The works of William Shakespeare remain immortal in the Western canon for many reasons, if not for the sheer number of works he published. It's no surprise that Shakespeare, who many historians argued "borrowed" plot points and even characters from other authors, would inspire a new generation of literary works.
Here are seven of our favorite books based on Shakespeare's plays.
'These Violent Delights' by Chloe Gong (2020)
Chloe Gong's YA historical fiction take on Romeo and Juliet follows Roma Montagov and Juliette Cai navigating Shanghai in 1926. The pair face off in an age-old feud while also attempting to unravel a mysterious virus traveling through Shanghai's streets. Chloe's book is legendary on BookTok, and its sequel, Our Violent Ends, was released in 2021.
Don't forget to check out the These Violent Delights spinoff series Foul Lady Fortune and her upcoming Antony and Cleopatra retelling Immortal Longings.
'Hag-Seed' by Margaret Atwood (2016)
Literary legend Margaret Atwood wrote Hag-Seed, a spin on The Tempest. Hag-Seed follows Felix, a deposed artistic director whose aspirations to direct The Tempest are ruined by a rival. Felix picks up his Shakespeare dreams and becomes a Literacy Through Theatre teacher for Burgess Correctional Institution. With Felix's direction, the Burgess Correctional Players put on a play fit for any wizard.
'Station Eleven' by Emily St. John Mandel (2014)
While not explicitly based on one Shakespeare play, Station Eleven is set in a dystopian future where one of the survivors of the apocalypse is involved in a traveling theater company that puts on — what else? — Shakespeare. The Tempest has an important role to play in this narrative about a lost daughter and a "brave new world."
You can also watch the Station Eleven miniseries adaptation on HBO Max.
'The Last True Poets of the Sea' by Julia Drake (2019)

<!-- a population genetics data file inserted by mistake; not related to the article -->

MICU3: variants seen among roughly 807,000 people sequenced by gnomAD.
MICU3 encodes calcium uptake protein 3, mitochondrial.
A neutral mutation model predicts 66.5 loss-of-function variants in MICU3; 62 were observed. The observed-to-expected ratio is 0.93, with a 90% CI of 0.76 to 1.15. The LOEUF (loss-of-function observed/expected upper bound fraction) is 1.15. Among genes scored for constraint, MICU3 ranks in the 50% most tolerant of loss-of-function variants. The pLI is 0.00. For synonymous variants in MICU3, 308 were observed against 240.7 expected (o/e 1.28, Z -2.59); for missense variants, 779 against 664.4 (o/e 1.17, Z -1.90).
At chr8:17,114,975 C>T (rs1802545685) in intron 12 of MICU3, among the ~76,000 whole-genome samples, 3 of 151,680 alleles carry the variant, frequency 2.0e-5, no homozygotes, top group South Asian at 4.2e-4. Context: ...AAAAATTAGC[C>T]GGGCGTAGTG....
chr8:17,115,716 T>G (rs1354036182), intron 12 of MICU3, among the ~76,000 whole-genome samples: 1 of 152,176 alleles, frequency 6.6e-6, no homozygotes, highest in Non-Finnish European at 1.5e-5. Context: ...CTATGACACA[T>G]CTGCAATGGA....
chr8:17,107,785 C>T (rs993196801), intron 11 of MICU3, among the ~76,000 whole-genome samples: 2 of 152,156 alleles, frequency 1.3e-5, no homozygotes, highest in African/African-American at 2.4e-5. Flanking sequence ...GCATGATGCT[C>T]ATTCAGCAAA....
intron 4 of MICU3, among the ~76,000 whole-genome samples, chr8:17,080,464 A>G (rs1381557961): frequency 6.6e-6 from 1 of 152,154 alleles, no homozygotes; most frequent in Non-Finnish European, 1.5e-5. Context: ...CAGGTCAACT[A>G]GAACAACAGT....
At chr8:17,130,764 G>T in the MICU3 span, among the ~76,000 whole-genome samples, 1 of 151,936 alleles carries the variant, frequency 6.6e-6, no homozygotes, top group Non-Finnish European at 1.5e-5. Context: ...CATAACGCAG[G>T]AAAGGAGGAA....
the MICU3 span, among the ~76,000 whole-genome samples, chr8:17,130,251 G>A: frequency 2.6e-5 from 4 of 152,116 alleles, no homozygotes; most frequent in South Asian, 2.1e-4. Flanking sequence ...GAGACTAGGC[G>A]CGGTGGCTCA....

Another riff on The Tempest, Julia Drake's YA novel The Last True Poets of the Sea is about Violet and her younger brother Sam. The siblings spend every summer in Lyric, Maine, a town their great-great-great-grandmother founded after surviving a shipwreck. However, the Larkin family cannot escape misfortune forever, and when hard-partying Violet is sent to Lyric without her brother, who has attempted suicide, she decides to pursue the unimaginable: discovering the shipwreck that brought their family to Lyric in the first place.
'All's Well' by Mona Awad (2021)
Although All's Well got its title from All's Well That Ends Well, the book itself is more strongly based on Macbeth. Miranda Fitch's acting career shudders to a halt after an accident that leaves her increasingly dependent on painkillers. Her job as a college theater director is on the line, but despite her wish to put on All's Well That Ends Well, her rebellious students want Macbeth instead. When three mysterious benefactors offer her a chance at success, will Miranda fall deeper down the rabbit hole?
'If We Were Villains' by M. L. Rio (2017)
Another book not based on one play but many, the YA novel If We Were Villains is a classic dark academia book for the new age. Oliver Marks has served seven years in jail for a murder he may or may not have committed. When a persistent detective wants to learn the truth, Oliver travels down memory lane to his college theater days as one of seven ambitious actors whose fondness for Shakespeare spills over into their lives. The group blurs fiction and reality in a shocking, dramatic mystery you won't want to miss.
“That Way Madness Lies” edited by Dahlia Adler (2021)
If you can't get enough of individual Shakespeare retellings, That Way Madness Lies features 15 YA short-story retellings of many different Shakespeare plays, including The Taming of the Shrew and The Merchant of Venice. You won't want to miss many celebrated young-adult authors, including Anna-Marie McLemore and Mark Oshiro, offer their takes on classic tales.